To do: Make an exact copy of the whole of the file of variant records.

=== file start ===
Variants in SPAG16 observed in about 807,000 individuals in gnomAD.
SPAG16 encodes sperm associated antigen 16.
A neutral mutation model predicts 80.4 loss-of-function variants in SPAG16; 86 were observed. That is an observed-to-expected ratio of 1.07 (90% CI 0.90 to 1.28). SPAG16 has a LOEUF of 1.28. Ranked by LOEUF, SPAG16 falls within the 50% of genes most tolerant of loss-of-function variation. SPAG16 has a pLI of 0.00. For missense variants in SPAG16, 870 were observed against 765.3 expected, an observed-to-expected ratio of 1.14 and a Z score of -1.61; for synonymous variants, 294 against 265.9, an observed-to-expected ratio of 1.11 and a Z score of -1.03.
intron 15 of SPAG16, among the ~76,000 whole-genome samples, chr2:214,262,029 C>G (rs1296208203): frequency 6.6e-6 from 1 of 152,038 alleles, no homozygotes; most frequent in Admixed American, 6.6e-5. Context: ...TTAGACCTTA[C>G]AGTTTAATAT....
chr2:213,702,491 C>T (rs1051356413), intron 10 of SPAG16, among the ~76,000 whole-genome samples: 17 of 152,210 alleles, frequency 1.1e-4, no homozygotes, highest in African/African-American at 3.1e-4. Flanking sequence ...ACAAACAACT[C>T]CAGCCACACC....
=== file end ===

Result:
Variants in SPAG16 observed in about 807,000 individuals in gnomAD.
SPAG16 encodes sperm associated antigen 16.
A neutral mutation model predicts 80.4 loss-of-function variants in SPAG16; 86 were observed. That is an observed-to-expected ratio of 1.07 (90% CI 0.90 to 1.28). SPAG16 has a LOEUF of 1.28. Ranked by LOEUF, SPAG16 falls within the 50% of genes most tolerant of loss-of-function variation. SPAG16 has a pLI of 0.00. For missense variants in SPAG16, 870 were observed against 765.3 expected, an observed-to-expected ratio of 1.14 and a Z score of -1.61; for synonymous variants, 294 against 265.9, an observed-to-expected ratio of 1.11 and a Z score of -1.03.
intron 15 of SPAG16, among the ~76,000 whole-genome samples, chr2:214,262,029 C>G (rs1296208203): frequency 6.6e-6 from 1 of 152,038 alleles, no homozygotes; most frequent in Admixed American, 6.6e-5. Context: ...TTAGACCTTA[C>G]AGTTTAATAT....
chr2:213,702,491 C>T (rs1051356413), intron 10 of SPAG16, among the ~76,000 whole-genome samples: 17 of 152,210 alleles, frequency 1.1e-4, no homozygotes, highest in African/African-American at 3.1e-4. Flanking sequence ...ACAAACAACT[C>T]CAGCCACACC....